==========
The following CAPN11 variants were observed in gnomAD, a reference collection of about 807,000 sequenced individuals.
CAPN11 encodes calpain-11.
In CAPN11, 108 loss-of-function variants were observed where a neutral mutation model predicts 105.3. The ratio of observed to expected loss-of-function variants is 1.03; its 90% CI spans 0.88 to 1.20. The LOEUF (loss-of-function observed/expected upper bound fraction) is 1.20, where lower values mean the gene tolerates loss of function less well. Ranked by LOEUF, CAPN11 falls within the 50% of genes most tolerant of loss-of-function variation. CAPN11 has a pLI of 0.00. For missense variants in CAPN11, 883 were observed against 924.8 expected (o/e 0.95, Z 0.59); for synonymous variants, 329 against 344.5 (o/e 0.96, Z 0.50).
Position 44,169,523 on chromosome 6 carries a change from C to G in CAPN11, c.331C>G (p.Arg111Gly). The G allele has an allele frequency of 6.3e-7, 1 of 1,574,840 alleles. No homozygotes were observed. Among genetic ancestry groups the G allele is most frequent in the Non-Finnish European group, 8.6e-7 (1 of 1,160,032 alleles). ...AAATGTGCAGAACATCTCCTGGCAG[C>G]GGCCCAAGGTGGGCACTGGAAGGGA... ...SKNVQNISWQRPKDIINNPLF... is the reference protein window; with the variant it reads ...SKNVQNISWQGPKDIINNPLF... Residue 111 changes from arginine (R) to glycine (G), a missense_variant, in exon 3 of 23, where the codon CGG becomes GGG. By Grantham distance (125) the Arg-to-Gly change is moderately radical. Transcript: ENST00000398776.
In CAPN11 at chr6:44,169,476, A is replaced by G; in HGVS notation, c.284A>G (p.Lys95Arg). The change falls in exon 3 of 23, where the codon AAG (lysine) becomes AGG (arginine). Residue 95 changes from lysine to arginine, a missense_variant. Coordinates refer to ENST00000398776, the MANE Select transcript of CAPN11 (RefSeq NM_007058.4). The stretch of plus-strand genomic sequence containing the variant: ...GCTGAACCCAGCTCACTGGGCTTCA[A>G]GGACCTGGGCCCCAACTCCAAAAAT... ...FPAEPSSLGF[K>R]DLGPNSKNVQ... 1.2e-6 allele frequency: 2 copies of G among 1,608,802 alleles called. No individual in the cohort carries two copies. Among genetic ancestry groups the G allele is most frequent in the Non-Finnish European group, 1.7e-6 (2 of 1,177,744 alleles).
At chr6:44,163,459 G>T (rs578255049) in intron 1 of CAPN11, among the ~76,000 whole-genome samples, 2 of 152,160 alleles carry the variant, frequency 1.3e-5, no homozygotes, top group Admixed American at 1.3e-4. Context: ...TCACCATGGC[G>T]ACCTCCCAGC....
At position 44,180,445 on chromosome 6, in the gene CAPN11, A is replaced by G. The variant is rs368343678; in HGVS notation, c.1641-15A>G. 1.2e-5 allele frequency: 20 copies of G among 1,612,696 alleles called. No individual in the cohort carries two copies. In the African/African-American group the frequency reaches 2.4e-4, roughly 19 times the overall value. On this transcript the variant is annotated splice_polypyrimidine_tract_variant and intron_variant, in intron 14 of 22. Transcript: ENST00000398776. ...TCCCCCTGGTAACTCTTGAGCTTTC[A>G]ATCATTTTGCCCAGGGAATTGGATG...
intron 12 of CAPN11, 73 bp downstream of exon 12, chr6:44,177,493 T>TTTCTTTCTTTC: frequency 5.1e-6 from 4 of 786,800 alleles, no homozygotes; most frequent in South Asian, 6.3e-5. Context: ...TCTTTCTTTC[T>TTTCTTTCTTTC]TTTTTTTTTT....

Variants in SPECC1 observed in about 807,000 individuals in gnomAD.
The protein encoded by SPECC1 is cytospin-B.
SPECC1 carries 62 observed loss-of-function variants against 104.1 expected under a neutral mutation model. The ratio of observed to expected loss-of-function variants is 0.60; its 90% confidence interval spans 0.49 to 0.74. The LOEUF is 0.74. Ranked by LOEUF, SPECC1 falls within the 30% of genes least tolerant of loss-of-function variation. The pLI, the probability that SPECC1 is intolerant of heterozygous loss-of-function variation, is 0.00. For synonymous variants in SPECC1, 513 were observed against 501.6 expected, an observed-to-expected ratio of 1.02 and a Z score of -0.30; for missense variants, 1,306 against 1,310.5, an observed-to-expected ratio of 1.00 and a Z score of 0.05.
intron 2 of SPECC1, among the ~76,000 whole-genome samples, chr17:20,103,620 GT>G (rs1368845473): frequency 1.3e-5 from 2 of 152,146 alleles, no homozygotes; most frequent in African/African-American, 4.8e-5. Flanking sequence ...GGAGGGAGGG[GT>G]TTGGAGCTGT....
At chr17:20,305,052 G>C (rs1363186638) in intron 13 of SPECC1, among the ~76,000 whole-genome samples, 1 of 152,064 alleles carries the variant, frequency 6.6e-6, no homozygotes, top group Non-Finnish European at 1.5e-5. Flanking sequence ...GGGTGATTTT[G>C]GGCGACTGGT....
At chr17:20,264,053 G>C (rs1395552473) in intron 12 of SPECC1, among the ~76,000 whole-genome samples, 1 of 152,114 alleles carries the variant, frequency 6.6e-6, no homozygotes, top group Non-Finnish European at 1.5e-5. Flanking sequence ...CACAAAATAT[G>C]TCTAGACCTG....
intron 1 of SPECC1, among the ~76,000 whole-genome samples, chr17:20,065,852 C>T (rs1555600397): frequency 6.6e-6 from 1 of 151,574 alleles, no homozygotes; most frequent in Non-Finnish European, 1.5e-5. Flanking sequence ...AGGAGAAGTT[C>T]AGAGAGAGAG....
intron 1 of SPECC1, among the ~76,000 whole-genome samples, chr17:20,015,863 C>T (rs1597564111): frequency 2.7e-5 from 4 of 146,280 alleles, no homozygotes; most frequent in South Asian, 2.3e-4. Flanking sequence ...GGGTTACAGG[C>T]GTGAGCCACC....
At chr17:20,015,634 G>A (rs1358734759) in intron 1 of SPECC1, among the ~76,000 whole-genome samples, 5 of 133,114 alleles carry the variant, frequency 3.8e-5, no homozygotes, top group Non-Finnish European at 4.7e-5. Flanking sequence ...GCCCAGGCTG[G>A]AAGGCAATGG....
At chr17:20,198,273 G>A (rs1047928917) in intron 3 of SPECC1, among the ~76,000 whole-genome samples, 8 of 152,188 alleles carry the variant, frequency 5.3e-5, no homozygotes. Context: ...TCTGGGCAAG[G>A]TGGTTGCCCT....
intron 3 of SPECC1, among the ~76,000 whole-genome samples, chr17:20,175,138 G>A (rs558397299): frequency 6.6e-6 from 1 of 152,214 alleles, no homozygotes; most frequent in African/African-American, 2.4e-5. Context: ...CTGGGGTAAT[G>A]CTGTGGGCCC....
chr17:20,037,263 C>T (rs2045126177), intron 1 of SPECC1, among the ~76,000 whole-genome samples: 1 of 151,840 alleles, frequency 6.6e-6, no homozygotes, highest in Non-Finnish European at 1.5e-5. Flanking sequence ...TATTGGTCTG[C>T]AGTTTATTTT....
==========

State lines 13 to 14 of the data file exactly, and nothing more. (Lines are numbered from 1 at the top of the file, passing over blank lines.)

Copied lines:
At chr17:20,305,052 G>C (rs1363186638) in intron 13 of SPECC1, among the ~76,000 whole-genome samples, 1 of 152,064 alleles carries the variant, frequency 6.6e-6, no homozygotes, top group Non-Finnish European at 1.5e-5. Flanking sequence ...GGGTGATTTT[G>C]GGCGACTGGT....
At chr17:20,264,053 G>C (rs1395552473) in intron 12 of SPECC1, among the ~76,000 whole-genome samples, 1 of 152,114 alleles carries the variant, frequency 6.6e-6, no homozygotes, top group Non-Finnish European at 1.5e-5. Flanking sequence ...CACAAAATAT[G>C]TCTAGACCTG....